Re: The end of an era, and the dawn of a new one
David Terei <davidterei <at> gmail.com>
2012-12-13 03:33:06 GMT
On 12 December 2012 16:08, Manuel M T Chakravarty <chak <at> cse.unsw.edu.au> wrote:
> David Terei <davidterei <at> gmail.com>:
>> So I had a go at updating the wiki page to reflect ownership / tsar
>> status / maintainers.
>> This page will probably need to change when reach a conclusion of how
>> we want to frame this responsibility (i.e., owners, maintainers,
>> The list of people is very light right now as I only put down people
>> who had said they would take ownership of a task. (although I did make
>> assumptions for Ian, Simon PJ & Simon M).
> I edited it a bit. Weren't there some people who volunteered as performance tsars?
> I still think the directory to maintainer mapping makes no sense.
Yes, I agree. I thought it would work but after trying it, it
doesn't feel like it did. I left it in so that others can play
around with for now.
>> On 9 December 2012 16:53, Ben Lippmeier <benl <at> ouroborus.net> wrote:
>>> On 09/12/2012, at 10:53 PM, Manuel M T Chakravarty wrote:
>>>> Ian Lynagh <ian <at> well-typed.com>:
>>>>> On Thu, Dec 06, 2012 at 12:32:05PM +0000, Simon Peyton-Jones wrote:
>>>>>> (Narrowing to cvs-ghc for now.)
>>>>>> Speaking for myself, I would welcome a code-ownership model along the lines that Ben suggests. If it
works well it would
>>>>>> a) spread the load
>>>>>> b) broaden a genuine sense of ownership
>>>>>> c) because of (a) and (b), perhaps encourage more people to participate
>>>>>> What do others think?
>>>>> "owner" is a very strong word: I think other projects have had problems
>>>>> where e.g. owners have found themselves without time to deal with
>>>>> patches submitted, but have been unwilling to let anyone else touch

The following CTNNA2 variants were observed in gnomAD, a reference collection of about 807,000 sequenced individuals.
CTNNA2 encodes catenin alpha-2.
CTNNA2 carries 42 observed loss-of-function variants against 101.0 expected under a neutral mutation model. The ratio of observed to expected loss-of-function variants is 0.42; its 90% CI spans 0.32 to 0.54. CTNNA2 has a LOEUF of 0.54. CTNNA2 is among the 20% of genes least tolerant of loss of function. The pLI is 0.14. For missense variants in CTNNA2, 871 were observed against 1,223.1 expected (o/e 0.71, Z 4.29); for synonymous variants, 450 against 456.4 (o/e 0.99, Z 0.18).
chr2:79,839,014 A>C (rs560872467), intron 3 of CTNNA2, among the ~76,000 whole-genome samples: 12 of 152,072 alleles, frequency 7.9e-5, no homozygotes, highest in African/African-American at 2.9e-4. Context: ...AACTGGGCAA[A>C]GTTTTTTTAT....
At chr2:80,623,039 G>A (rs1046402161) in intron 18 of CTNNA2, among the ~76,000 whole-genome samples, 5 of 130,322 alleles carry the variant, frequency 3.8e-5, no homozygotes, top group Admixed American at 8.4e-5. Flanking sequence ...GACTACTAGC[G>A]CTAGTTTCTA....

>>>>> "their" code.
>>>>> Perhaps we could have "maintainers" instead?
>>>> I agree with Ian here.
>>>> Code ownership is not necessarily a Good Thing. In fact, it is often discouraged in modern approaches
to software engineering. Why? Because it creates a barrier for the non-owners to contribute to a code
base, especially if we would start to introduce procedures such as an obligation for the owner to review
all patches to *their* code base.
>>> I agree that having a "Ownership" model may increase the barrier to new contributors submitting
drive-by patches, but at the same time it reduces the barrier to the owner performing more wide ranging
changes and refactorings.
>>> If I'm a drive-by contributor or assigned maintainer, then I'm probably not going to spend a week of my
own time refactoring, documenting, and cleaning up all the native code generators, because it's not my
project. However, if I were to make a conscious decision to assume responsibility for that code for (say) a
year, I'd go though and clean it all up. Maintenance is largely a thankless task because it doesn't lead to a
sexy feature or support for a new platform. It does improve the overall health of the project, though.
Having successive people assume ownership, and then going though and auditing all the code would be even better.
>>>> This is particularly awkward in an open source project. If somebody is busy (or on holidays) for a
month, nobody can push patches that touch that code.
>>> I don't think going to an Ownership model need prevent people with accounts on d.h.o continuing to
change whatever code they need to. If I were to assume responsibility for some code I'm not going to require
Simon(s) or Johan to submit patches to me for review. It's true that some contributed patches may languish
on the trac for a few weeks, but that happens anyway.
>>>> I like the "Tsar" idea that SPJ started with the Performance Tsar(s). Instead of assigning ownership
of code (like in a land grab), let's define areas of responsibility. Many of these responsibilities (like
performance) will touch on a cross section of the code base.
>>> My worry is that having a responsibility without a corresponding asset feels more like a job than a fun
thing to do. The "asset" here is more of an emotional construct than a physical one -- a sense of "this is mine
to look after".
>>> Code maintenance isn't fun, and given the choice I'd prefer to work on my own projects than documenting
someone else's code. If you say "you can be responsible for the performance of GHC" that's a fairly
nebulous concept, but if you say "this code is yours for a year, look after it", then it gives the owner some
immediate, well defined, concrete goals.
>>> It's the tragedy of the commons. Without a sense of ownership, people won't take real responsibility.
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>>> Cvs-ghc <at> haskell.org
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